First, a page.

3 Stocks Failing to Keep Pace With the Dow

Although earnings seasons got off to a rocky start the other day, Tuesday featured enough good news to propel the Dow higher 125 points, or 1%. That wasn't enough for some stocks that fell sharply on the day giving back hard fought gains earned in prior sessions. Clearwire (NAS: CLWR) tumbled 17% after it was announced there would be no deal anytime soon in the aftermath of the Softbank takeover by Sprint (NYS: S) . It's been my contention that Clearwire and its spectrum is the ultimate target of the Japanese wireless specialist.

James River Coal (NAS: JRCC) also gave up 11%, though on no particular news. Its shares were up 130% over the past three months and gained 23% just the day before, which is why I cautioned investors to enjoy the party while it lasted.

Below are three more stocks that fell Tuesday while the market soared. Now don't run over the cliff with your stock like a bunch of lemmings: it could just be a temporary situation. Let's first see whether they had good reason to fall as panic-fueled routs can sometimes lead to excellent buying opportunities.


% Change

Isis Pharmaceuticals (NAS: ISIS)


InterOil (NYS: IOC)


Synovus Financial (NYS: SNV)


From chaos, order?
Although investors reacted as if there was no hope for ISIS Pharmaceuticals to recover from the Food and Drug Administration's advisory committee documents indicating deep concerns over its lead drug candidate Kynamro, the Fool's Brenton Flynn suggests hope still exists for a positive outcome because of the rareness of the disease it targets.

Isis is developing Kynamro in conjunction with Genzyme, a unit of Sanofi (NYS: SNY) , to treat homozygous familial hypercholesterolemia, or HoFH, a rare genetic disease that can cause cholesterol levels to rise two to four times higher than normal and prohibits them from responding to standard therapies like Pfizer's (NYS: PFE) Lipitor. The advisory committee said Kynamro ended up causing abnormal growths in patients taking the medication more so than in those who took a placebo.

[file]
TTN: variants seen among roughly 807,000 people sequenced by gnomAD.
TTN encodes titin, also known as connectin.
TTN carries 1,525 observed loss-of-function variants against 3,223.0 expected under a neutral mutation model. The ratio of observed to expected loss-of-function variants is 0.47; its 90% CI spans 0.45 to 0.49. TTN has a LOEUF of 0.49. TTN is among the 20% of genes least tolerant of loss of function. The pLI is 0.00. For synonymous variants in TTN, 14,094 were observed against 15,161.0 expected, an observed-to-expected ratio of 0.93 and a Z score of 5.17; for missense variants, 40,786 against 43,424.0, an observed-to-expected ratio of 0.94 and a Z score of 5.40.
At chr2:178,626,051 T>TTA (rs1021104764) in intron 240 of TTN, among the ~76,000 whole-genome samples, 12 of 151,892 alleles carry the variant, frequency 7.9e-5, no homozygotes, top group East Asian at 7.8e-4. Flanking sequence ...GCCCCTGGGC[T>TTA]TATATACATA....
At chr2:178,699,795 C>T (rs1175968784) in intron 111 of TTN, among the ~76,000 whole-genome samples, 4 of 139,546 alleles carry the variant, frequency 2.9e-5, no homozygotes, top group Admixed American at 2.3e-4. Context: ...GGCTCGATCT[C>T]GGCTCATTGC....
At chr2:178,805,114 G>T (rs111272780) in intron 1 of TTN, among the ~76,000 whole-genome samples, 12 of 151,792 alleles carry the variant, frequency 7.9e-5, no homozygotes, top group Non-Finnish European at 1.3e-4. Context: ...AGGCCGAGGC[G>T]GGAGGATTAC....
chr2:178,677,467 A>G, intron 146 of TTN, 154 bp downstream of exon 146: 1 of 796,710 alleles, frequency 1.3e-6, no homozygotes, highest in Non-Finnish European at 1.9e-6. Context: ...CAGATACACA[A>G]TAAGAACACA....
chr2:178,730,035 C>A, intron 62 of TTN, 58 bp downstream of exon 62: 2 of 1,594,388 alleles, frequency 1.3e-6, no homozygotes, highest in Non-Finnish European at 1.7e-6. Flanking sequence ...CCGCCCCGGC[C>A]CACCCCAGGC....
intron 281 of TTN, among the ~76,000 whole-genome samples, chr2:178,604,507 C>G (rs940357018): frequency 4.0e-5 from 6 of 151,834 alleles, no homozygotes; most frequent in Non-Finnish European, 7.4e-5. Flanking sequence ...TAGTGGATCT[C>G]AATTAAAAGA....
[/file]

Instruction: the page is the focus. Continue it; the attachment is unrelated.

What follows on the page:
The FDA advisory panel said Aegerion Pharmaceuticals' (NAS: AEGR) lomitapide also caused similar growths, but because it had a risk management plan in place to tackle the proble, it approved its use in adults. Biotech investors are often well aware of the risks inherent in betting early on a drug, but tell me in the comments box below if you agree Isis can still win approval.

Half and half
Drilling for gas in Papua New Guinea hasn't been an easy process for InterOil, which has to deal with parochial interests and greedy prejudices to bring its LNG operation to fruition. The government keeps grabbing at a greater share of the project, and the driller just agreed to cede half of the gas supply from its Elk and Antelope fields in a bid to move it forward.

InterOil's been plagued by delays from the government, which accused it of changing the agreements they had in place. Finally, the gas driller said it would be willing to split the production equally if it can just get the plans approved. What could be the saving grace for InterOil is that the proposal gives it the right to the first half of the production output, thus giving it its money upfront, with the balance going to the government.

Considering that ExxonMobil (NYS: XOM) will be firing up a LNG drilling operation in 2014 there, InterOil needs to get the project off the dime, and apparently feels giving away the store is the way to achieve it.

To-tier financials
There was no specific news that should have sent shares of Synovus Financial lower yesterday when the rest of the market was going higher. The Motley Fool CAPS Commercial Banks sector only dropped a quarter of a percentage point, so Synovus' near-4% tumble was more the exception than the rule.

I've found the improving credit profile of the bank to be a heartening endeavor because it was because of an across-the-board decline in total credit costs, non-performing loan inflows, nonperforming assets, and total delinquencies. Its Tier 1 capital ratio and Tier 1 common equity ratio also increased and it trades at just a fraction of its book value.

While it still has to pay back its TARP bailout funds and faces new stress tests, those won't happen till next year and should turn into positive drivers for the bank. I've rated Synovus Financial to outperform the broad market indexes on CAPS, the 180,000 member-driven investment community that transforms investor opinion into ratings from one to five stars. Synovus carries a four-star ranking, suggesting that investors believe this bank has come back from the brink.

Ready for a resurrection
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The article 3 Stocks Failing to Keep Pace With the Dow originally appeared on Fool.com.

Fool contributor Rich Duprey owns shares of Pfizer. The Motley Fool owns shares of ExxonMobil. Try any of our Foolish newsletter services free for 30 days. We Fools may not all hold the same opinions, but we all believe that considering a diverse range of insights makes us better investors. The Motley Fool has a disclosure policy.

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